Do you know what I remember from history class? A bunch of dates, wars, guns and white people. Do you know what I find more interesting than these things? Food, fashion, holidays, elections, toys… I’m not saying I should not I know some of these important things like warfare, but that’s not exactly what I’m going to achieve when I read for fun. Personally, I think there’s a lot to be learned about this big picture from reading the little picture – because it’s not that little after all.
What people eat, wear, celebrate, vote and play with is not only interesting in itself, it is also deeply related to a society’s position in space and time. War breeds propaganda, new jobs and industries, and technological innovations. Latitude has an impact, whether your wardrobe is geared towards a swimsuit, fur coat or Bermuda shorts. As immigrant and refugee groups integrate into their new communities, food, dance, and music blend with local produce. Cultures and microhistories contextualize (and humanize) those big events your teacher asked you about to prepare for the AP test. Whether you’re a professor of anthropology or a regular reader, at least one of these American cultural history books should spark your interest.
The Chronicles of Fortune Cookie: Adventures in the World of Chinese Cooking by Jennifer 8. Lee
Yes, you read that right: I said it was a list of American cultural stories, and the first thing I mention is Chinese food. But here’s the thing: the central topic (but not only) here is American Chinese food, not Chinese Chinese food or American Chinese food. I read this book for our Read Harder # 11 challenge task, and it didn’t disappoint. Come on for the big reveal (!!) of who actually invented fortune cookies, stick around for some totally crazy stories like when there was a big rabbinical hubbub and New York area deli over kosher duck or how , legally, soy sauce does not need to contain soy.
The power of style: how fashion and beauty are used to reclaim cultures by Christian Allaire
I have hardly worn non-stretch clothes since 2019, but that doesn’t mean I wasn’t drooling on this blanket when I saw it. Surely you’ve seen at least one incident or scandal when a clothing designer has been arraigned for cultural appropriation (like headdresses), misrepresentation (like calling a ‘Navajo’ print), or insensitivity (putting on a child model). black in a shirt that says “little monkey” is not a good look). Allaire covers a mind-boggling range of stories from fashion, hair and makeup, artists, designers and more, depicting how people whose cultures have been torn away, diluted or hijacked are taking back the things that belong to them.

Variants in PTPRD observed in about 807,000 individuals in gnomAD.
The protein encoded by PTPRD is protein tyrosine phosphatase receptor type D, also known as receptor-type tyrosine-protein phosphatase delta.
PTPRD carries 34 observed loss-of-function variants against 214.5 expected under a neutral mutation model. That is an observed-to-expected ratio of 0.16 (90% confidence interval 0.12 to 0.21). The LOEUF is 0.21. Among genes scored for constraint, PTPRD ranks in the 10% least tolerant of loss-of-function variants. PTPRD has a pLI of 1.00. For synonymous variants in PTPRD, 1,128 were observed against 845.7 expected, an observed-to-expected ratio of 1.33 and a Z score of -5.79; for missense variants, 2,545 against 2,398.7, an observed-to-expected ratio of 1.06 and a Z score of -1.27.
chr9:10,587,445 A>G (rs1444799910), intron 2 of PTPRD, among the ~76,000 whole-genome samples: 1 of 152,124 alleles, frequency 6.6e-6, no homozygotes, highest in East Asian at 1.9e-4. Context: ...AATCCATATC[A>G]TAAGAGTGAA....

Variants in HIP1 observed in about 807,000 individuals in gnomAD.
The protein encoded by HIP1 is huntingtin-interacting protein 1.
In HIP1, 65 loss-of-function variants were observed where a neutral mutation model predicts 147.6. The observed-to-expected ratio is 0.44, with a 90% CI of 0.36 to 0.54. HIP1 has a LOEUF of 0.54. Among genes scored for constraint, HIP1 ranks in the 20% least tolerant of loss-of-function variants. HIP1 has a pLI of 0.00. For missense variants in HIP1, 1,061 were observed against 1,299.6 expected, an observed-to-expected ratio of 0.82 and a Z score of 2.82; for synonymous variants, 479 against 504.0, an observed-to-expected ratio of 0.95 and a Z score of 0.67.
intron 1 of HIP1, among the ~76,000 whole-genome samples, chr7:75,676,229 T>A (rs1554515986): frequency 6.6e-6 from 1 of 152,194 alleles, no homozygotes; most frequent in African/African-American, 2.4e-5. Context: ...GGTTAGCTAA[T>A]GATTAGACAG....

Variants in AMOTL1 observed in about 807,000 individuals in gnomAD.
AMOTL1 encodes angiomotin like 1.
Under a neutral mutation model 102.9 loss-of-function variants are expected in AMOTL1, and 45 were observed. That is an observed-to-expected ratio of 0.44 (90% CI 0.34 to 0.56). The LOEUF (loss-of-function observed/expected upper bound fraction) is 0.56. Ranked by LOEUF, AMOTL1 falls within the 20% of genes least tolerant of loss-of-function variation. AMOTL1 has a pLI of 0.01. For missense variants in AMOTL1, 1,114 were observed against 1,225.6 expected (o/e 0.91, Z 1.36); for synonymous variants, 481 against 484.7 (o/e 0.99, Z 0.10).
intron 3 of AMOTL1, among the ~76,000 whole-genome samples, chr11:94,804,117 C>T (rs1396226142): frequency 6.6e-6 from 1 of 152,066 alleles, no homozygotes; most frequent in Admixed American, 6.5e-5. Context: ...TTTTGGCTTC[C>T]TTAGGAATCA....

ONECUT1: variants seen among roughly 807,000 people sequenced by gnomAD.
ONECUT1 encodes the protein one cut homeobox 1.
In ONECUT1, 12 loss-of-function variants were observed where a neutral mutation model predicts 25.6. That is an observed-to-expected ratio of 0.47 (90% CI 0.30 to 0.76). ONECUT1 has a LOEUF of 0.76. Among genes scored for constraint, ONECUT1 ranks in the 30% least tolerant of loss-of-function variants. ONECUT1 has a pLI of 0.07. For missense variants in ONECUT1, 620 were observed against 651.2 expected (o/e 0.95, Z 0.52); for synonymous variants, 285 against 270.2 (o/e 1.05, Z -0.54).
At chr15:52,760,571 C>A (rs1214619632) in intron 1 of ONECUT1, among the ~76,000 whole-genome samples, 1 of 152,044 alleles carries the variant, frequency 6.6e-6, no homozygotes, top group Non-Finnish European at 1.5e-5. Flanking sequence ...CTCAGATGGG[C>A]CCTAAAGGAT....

Explore American childhood through 50 historical treasures by Ashley E. Remer and Tiffany R. Isselhardt
Spend a week with me and see if you not hear me talk about American Girl, Polly Pockets (OG, thanks a lot, not rubber stuff), or paper dolls. I love a good toy to impose my imagination on, and there is a special place in my heart for anything particularly aimed at girls and femininity – not because I’m attached to a gender binary or because that I believe in gender essentialism, but because I don’t I dislike the dominant attitude that defines feminISM as being anti-feminine. Princesses, dolls and dresses are awesome! Don’t you like them? Don’t wear them. Don’t hit them. Also, I grew up in the Girl Power / Spice Girls era. Anyway, this book isn’t all about toys, but there are are toys in it, and there are also monuments, dresses, books and other items to lean on.
I’ve been here all the time: Black Freedom on Homeland by Alaina E. Roberts
The United States has had a little problem with geography for * checks notes * its entire existence, ever since a group of refugees arrived and, instead of seeking asylum, just took over. That’s a lot of ground to cover (sorry, I had to), so this book deals only with a tiny bit of that story, exploring how the “40 Acres and a Mule” offer extended to newly slaves. liberated interspersed with “Indian territory” and the long-standing conflict between indigenous and white imperialists over land, property and ownership. What I like about this approach is that we generally think of racial and cultural conflict or collaboration in the United States as a white people x [Insert minority group here] question and not as interactions between two marginalized groups.